Commander Ben with future Invasive Hunters during Nature Nights at the Lady Bird Johnson Wildflower Center
On July 5, I brought the Invasive Hunter Academy to the Power of Plants event during Nature Nights at the Lady Bird Johnson Wildflower Center. Here are some great pictures of the night’s event.
Pictures from the Invasive Hunter Academy
Commander Ben and Ms. Alice Nance with the Invasive Hunter Academy at the Lady Bird Johnson Wildflower Center
Here I am before the start of the Nature Nights event with Ms. Alice Nance, Wildflower Center Education Manager. She and Ms. Julie Graham made me feel very welcome. They gave me a great location to set up with lots of room for the future Invasive Hunters to practice their moves to take down invasives.
After the event started, there were so many kids enrolled in the academy that they had to get me another table so the kids could have room to create their action diorama.
Kids learning about Elephant Ear (Colocasia esculenta), an invasive species, with the Invasive Hunter Academy at the Lady Bird Johnson Wildflower Center
Here I am teaching kids about invasive species. The first part of the academy is learning about your enemy, and I’m showing a picture of Elephant Ear to this future Invasive Hunter.
Learn more about Elephant Ear with my In an Ecesis Far, Far Away video, part of the Battles with Invasive Species video series.
Kids learning how to take down the Giant Reed, an invasive species, with the Invasive Hunter Academy at the Lady Bird Johnson Wildflower Center
Here I’m teaching future Invasive Hunters the swallow hand stalk strike move. It’s to take down the Giant Reed (Arundo donax). As the Giant Reed attacks, block with one hand above your head and strike with the other.
Learn more about the Giant Reed with my Invasive Hunter Academy launches during National Invasive Species Awareness Week video, part of the Battles with Invasive Species video series.
Example of an action diorama that kids can create with the Invasive Hunter Academy
Here’s an example one of the action dioramas that the kids can make as part of the academy. This is a great craft 🙂 because it really gets the kids thinking about invasives as they make their action scene. They got to pick one of three invasives species to battle: Elephant Ear, English Ivy, or Giant Reed.
I noticed that when the boys made their action scene, it really looked like a real battle was going on…very messy, like my own diorama! When the girls created their dioramas, they were perfectly done. There were no scissor marks, no glue smears, and the people were perfectly drawn, but I’m sure there was a great battle against invasives going on there too!
Window on a Texas Wildscape with Mrs. Sheryl Smith-Rodgers
Commander Ben and Mrs. Sheryl Smith-Rodgers and her husband James, during Nature Nights at the Lady Bird Johnson Wildflower Center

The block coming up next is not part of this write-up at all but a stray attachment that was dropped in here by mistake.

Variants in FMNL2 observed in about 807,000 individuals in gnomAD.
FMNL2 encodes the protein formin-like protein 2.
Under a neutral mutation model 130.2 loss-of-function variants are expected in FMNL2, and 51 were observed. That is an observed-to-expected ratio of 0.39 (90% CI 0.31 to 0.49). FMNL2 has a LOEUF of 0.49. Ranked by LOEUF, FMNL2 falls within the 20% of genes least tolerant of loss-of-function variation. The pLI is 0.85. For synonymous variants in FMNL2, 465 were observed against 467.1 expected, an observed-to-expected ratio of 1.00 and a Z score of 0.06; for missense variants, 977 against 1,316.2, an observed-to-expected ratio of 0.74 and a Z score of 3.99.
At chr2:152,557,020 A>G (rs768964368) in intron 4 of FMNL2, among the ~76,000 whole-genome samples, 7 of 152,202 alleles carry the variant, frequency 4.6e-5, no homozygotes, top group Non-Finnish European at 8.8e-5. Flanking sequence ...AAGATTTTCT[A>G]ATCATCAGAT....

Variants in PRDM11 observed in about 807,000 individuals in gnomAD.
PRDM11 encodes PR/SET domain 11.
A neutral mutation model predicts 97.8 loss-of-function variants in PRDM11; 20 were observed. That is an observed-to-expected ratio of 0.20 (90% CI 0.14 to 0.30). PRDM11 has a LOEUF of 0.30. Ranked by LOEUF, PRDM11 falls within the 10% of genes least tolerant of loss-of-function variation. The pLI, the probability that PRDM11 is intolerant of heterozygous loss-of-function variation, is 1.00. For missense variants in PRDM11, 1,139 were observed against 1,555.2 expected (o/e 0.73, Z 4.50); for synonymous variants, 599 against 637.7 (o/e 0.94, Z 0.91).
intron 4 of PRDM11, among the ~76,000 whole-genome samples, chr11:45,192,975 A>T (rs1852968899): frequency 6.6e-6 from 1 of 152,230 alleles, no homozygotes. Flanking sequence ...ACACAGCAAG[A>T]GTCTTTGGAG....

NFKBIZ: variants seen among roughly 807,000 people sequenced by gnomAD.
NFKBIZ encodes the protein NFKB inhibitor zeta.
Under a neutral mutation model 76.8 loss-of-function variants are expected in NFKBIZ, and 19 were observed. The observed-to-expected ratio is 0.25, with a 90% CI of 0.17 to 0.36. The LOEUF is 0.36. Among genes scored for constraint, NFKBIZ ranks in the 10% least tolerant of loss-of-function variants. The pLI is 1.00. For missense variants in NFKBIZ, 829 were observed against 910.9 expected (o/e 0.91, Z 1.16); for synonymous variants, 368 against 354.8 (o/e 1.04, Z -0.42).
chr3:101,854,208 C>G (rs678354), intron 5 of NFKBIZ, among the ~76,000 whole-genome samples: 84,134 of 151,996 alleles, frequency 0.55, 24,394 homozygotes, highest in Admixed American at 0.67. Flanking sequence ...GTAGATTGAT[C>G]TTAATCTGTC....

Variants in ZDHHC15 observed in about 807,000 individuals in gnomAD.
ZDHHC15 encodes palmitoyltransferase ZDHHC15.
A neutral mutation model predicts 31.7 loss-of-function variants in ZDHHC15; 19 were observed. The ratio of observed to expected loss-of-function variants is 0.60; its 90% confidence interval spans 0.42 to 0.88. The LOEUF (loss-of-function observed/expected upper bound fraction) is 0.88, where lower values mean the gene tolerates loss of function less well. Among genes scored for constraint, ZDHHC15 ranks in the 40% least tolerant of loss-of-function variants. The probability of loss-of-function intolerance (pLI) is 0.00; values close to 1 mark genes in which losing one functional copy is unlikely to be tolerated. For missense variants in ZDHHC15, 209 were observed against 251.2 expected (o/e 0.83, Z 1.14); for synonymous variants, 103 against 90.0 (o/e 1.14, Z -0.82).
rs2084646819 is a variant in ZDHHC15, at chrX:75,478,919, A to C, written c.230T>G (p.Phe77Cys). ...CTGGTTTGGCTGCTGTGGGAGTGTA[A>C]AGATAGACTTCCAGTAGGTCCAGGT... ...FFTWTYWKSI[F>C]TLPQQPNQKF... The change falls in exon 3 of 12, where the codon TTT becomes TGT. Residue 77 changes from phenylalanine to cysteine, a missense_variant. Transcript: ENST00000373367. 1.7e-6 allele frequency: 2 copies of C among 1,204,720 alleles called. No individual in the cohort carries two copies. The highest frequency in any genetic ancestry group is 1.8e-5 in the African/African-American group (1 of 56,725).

I met Mrs. Sheryl Smith-Rodgers and her husband James at Nature Nights. They are very nice people, and they love nature. Mrs. Smith-Rodgers is a wonderful writer. Thanks for mentioning me on your great blog, Window on a Texas Wildscape.
Nature crafts with the Teenage Ecowarriors
Commander Ben and the Teenage Ecowarriors during Nature Nights at the Lady Bird Johnson Wildflower Center
I finally got the chance to meet the Teenage Ecowarriors. They help kids create art treasures from recyclables. At the Butterflies event, they helped kids make a butterfly sock puppet. At the Power of Plants event, they helped kids make a newspaper flower. They’ll be coming back to the Bats event on July 19, so be sure to go see them when you’re there.
Wood shingles with JC Pollard
Commander Ben and Mr. JC Pollard during Nature Nights at the Lady Bird Johnson Wildflower Center
I was happy to meet Mr. JC Pollard again at Nature Nights. I met Mr. Pollard last year for Flintknapping and Great Nature Activities at the Wild Basin Wilderness Preserve.
Mr. Pollard was helping kids make wood shingles by breaking off pieces of wood from a tree ring. I didn’t get a chance to create a shingle, but it looked really fun. I saw the shingles that kids made when they came to the Invasive Hunter Academy, and one boy gave me one.
Thanks Future Invasive Hunters!
Thanks to all the enthusiastic kids who enrolled in the Invasive Hunter Academy! Together, we’re helping to stop the spread of invasives. Education and awareness is very important. I really enjoy these events, because I feel that I’m helping to give back to our community by educating people about invasive species.
I look forward to bringing the Invasive Hunter Academy to more events in the future!